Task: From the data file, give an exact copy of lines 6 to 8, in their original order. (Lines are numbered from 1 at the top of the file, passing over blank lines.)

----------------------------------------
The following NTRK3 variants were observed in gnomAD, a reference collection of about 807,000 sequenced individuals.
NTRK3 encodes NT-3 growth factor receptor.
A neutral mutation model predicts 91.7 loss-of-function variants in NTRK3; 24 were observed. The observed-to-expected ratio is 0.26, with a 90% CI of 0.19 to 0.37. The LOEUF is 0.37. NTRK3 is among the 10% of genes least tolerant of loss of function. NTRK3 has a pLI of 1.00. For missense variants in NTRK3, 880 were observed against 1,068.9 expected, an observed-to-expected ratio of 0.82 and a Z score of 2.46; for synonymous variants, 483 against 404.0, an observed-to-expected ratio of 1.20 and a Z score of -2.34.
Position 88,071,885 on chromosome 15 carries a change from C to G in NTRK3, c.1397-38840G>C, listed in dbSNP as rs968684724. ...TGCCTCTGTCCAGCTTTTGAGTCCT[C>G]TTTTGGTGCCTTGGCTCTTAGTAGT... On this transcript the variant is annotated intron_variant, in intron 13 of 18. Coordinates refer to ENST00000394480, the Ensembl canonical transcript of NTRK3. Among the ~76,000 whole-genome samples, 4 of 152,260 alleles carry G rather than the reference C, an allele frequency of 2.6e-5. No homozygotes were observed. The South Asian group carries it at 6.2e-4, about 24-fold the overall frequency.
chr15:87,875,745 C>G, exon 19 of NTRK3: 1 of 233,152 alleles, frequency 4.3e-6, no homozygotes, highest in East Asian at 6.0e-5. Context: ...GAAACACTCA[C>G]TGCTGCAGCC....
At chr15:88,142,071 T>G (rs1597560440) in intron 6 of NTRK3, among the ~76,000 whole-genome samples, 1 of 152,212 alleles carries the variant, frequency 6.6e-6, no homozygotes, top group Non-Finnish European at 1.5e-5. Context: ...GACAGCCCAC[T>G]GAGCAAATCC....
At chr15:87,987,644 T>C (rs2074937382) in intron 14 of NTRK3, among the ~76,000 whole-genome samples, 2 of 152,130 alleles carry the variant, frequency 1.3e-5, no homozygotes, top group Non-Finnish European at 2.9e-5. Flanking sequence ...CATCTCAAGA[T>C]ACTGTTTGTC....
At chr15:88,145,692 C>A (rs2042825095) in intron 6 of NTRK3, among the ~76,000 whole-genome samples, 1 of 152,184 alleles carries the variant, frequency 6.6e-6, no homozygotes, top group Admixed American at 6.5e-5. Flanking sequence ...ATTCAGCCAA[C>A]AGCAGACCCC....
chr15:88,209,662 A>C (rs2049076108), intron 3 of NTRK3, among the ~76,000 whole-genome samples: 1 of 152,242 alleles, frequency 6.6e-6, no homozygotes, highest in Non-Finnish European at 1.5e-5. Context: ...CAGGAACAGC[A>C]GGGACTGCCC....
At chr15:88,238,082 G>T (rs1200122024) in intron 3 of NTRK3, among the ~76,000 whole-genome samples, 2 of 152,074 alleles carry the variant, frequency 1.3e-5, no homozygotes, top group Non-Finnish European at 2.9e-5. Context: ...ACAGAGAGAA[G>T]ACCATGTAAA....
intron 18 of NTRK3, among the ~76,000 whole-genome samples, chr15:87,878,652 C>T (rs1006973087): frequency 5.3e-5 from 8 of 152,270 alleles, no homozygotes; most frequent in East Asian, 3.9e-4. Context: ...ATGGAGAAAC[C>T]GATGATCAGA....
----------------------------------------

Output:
At chr15:88,142,071 T>G (rs1597560440) in intron 6 of NTRK3, among the ~76,000 whole-genome samples, 1 of 152,212 alleles carries the variant, frequency 6.6e-6, no homozygotes, top group Non-Finnish European at 1.5e-5. Context: ...GACAGCCCAC[T>G]GAGCAAATCC....
At chr15:87,987,644 T>C (rs2074937382) in intron 14 of NTRK3, among the ~76,000 whole-genome samples, 2 of 152,130 alleles carry the variant, frequency 1.3e-5, no homozygotes, top group Non-Finnish European at 2.9e-5. Flanking sequence ...CATCTCAAGA[T>C]ACTGTTTGTC....
At chr15:88,145,692 C>A (rs2042825095) in intron 6 of NTRK3, among the ~76,000 whole-genome samples, 1 of 152,184 alleles carries the variant, frequency 6.6e-6, no homozygotes, top group Admixed American at 6.5e-5. Flanking sequence ...ATTCAGCCAA[C>A]AGCAGACCCC....